by Mark Patton
In 318 or 319 BC, a ship arrived off the coast of England that was wholly unexpected. It came from a land of which nobody on these islands had even dreamed, a land of marble-columned temples, of theatres, of gods whose names had never been spoken here before. Its captain was Pytheas, a Greek from the colony of Marseilles. He probably had on board one or two Gauls, who were able to communicate both with him, and with the astonished Britons, as they enjoyed their first ever taste of wine. For the classical world, it was as much a giant leap as, in our own times, was Neil Armstrong's first footstep on the Moon.
Pytheas's account of his expedition, On the Ocean, does not survive. There were probably copies of it in the libraries of Marseilles, Alexandria, Athens, Pergamon and Rome, all of which went up in smoke. Such was the case with so many works. Chance has played at least as great a role as judgement in determining what has, and has not, been handed down to us (a sobering thought for us writers). His account, however, was read and cited by writers whose works have survived (Strabo, Pliny, Avienus, Diodorus Siculus, Hipparchus), and this is how we know what little we do know about his expedition.
Pytheas did not necessarily arrive on these shores on a Greek trireme or pentekonter. It is, perhaps, more likely that he travelled overland to Bordeaux, and hired a local ship, better suited to Atlantic than to Mediterranean waters. He must, however, have sailed around Brittany and might have sailed north from Le Yaudet, where there was an important Iron Age settlement. His first landfall in Britain might have been in Chichester, or Weymouth, or Torquay. Cornwall would clearly have been of interest to him as a source of tin. (Herodotus had mentioned this a century before.)
He could, at this point, have sailed back to Marseilles with a cargo of tin ingots, his fortune made. Instead, he chose to circumnavigate these islands, probably stopping on the Isle of Man before going on to the Outer Hebrides and Orkney (Hipparchus's account suggests that he took astronomical observations in each of these places). He may even have ventured as far as Iceland (Pliny's Ultima Thule) where, it was claimed, the sea "congealed" and, during the winter, the sun never rose.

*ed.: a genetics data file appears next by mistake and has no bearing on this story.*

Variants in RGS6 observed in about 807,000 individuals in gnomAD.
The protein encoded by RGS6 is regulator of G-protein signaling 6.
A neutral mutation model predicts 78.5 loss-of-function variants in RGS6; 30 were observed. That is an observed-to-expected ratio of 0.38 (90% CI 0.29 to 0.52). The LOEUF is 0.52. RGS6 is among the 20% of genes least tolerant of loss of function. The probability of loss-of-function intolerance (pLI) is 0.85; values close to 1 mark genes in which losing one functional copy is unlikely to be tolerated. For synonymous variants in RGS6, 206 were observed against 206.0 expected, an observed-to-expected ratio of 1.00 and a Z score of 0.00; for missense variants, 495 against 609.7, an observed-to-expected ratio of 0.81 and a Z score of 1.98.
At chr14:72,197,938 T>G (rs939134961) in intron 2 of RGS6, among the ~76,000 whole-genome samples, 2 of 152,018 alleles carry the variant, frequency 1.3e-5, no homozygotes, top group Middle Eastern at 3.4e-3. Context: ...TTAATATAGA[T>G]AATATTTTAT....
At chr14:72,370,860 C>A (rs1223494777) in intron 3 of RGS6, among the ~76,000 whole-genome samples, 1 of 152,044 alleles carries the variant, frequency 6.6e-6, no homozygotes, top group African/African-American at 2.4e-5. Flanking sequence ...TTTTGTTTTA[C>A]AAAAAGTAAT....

Callanish, in the Outer Hebides, one of Pytheas's likely stopping points. Photo: Richard Mudham (licensed under CCA).
The Broch of Gurness, in Orkney, where Pytheas may have been a guest. Photo: Rob Burke (licensed under CCA).
He returned home via the "coasts of amber" (presumably Denmark and/or the Netherlands), having completed a voyage worthy of an Odysseus. If there was a Penelope waiting for him at home, her name is forever lost to us. There is much about his voyage that we can only imagine. Sir Barry Cunliffe has set out what we can know in his book, The Extraordinary Voyage of Pytheas the Greek.
In my novel, An Accidental King, set three centuries after Pytheas's voyage, I have it remaining as a folk-memory, literally something that is sung of, and I give him a British lover (this is fiction, after all), who he abandons, as Aeneas abandoned Dido, sailing away into the sunset. "Remember me, remember me, but oh, forget my fate" (www.youtube.com/watch?v=oBwyiX5AXXU). Was ever a sentiment more powerfully expressed?
Mark Patton's novels, Undreamed Shores, An Accidental King and Omphalos are published by Crooked Cat publications, and can be purchased from Amazon.